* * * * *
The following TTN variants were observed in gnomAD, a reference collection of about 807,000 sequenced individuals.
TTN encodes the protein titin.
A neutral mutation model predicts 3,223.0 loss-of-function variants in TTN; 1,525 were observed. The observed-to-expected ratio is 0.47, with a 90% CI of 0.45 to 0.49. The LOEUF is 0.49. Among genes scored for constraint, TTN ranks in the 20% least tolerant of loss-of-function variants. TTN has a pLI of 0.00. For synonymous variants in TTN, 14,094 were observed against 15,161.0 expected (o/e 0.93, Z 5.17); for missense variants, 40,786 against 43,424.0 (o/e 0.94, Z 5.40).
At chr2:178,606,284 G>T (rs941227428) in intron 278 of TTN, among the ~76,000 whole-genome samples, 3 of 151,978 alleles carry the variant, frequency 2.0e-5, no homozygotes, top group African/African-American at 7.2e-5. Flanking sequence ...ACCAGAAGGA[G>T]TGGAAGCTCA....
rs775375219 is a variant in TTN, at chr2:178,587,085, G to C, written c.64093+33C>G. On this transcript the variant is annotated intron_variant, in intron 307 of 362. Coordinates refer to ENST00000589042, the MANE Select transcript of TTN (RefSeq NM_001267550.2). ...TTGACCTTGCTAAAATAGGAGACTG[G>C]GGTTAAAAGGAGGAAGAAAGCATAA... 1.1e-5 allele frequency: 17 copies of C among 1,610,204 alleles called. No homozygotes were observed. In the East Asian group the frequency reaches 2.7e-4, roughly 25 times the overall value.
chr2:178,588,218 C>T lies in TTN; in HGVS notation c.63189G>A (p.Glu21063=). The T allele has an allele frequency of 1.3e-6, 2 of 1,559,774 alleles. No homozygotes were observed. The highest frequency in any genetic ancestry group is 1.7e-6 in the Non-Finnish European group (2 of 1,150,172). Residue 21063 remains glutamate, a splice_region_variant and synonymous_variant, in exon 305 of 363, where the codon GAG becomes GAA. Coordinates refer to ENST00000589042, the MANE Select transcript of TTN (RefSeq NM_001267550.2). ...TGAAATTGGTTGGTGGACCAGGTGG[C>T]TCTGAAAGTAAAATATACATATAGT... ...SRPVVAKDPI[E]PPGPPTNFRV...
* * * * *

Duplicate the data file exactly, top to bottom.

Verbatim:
The following TTN variants were observed in gnomAD, a reference collection of about 807,000 sequenced individuals.
TTN encodes the protein titin.
A neutral mutation model predicts 3,223.0 loss-of-function variants in TTN; 1,525 were observed. The observed-to-expected ratio is 0.47, with a 90% CI of 0.45 to 0.49. The LOEUF is 0.49. Among genes scored for constraint, TTN ranks in the 20% least tolerant of loss-of-function variants. TTN has a pLI of 0.00. For synonymous variants in TTN, 14,094 were observed against 15,161.0 expected (o/e 0.93, Z 5.17); for missense variants, 40,786 against 43,424.0 (o/e 0.94, Z 5.40).
At chr2:178,606,284 G>T (rs941227428) in intron 278 of TTN, among the ~76,000 whole-genome samples, 3 of 151,978 alleles carry the variant, frequency 2.0e-5, no homozygotes, top group African/African-American at 7.2e-5. Flanking sequence ...ACCAGAAGGA[G>T]TGGAAGCTCA....
rs775375219 is a variant in TTN, at chr2:178,587,085, G to C, written c.64093+33C>G. On this transcript the variant is annotated intron_variant, in intron 307 of 362. Coordinates refer to ENST00000589042, the MANE Select transcript of TTN (RefSeq NM_001267550.2). ...TTGACCTTGCTAAAATAGGAGACTG[G>C]GGTTAAAAGGAGGAAGAAAGCATAA... 1.1e-5 allele frequency: 17 copies of C among 1,610,204 alleles called. No homozygotes were observed. In the East Asian group the frequency reaches 2.7e-4, roughly 25 times the overall value.
chr2:178,588,218 C>T lies in TTN; in HGVS notation c.63189G>A (p.Glu21063=). The T allele has an allele frequency of 1.3e-6, 2 of 1,559,774 alleles. No homozygotes were observed. The highest frequency in any genetic ancestry group is 1.7e-6 in the Non-Finnish European group (2 of 1,150,172). Residue 21063 remains glutamate, a splice_region_variant and synonymous_variant, in exon 305 of 363, where the codon GAG becomes GAA. Coordinates refer to ENST00000589042, the MANE Select transcript of TTN (RefSeq NM_001267550.2). ...TGAAATTGGTTGGTGGACCAGGTGG[C>T]TCTGAAAGTAAAATATACATATAGT... ...SRPVVAKDPI[E]PPGPPTNFRV...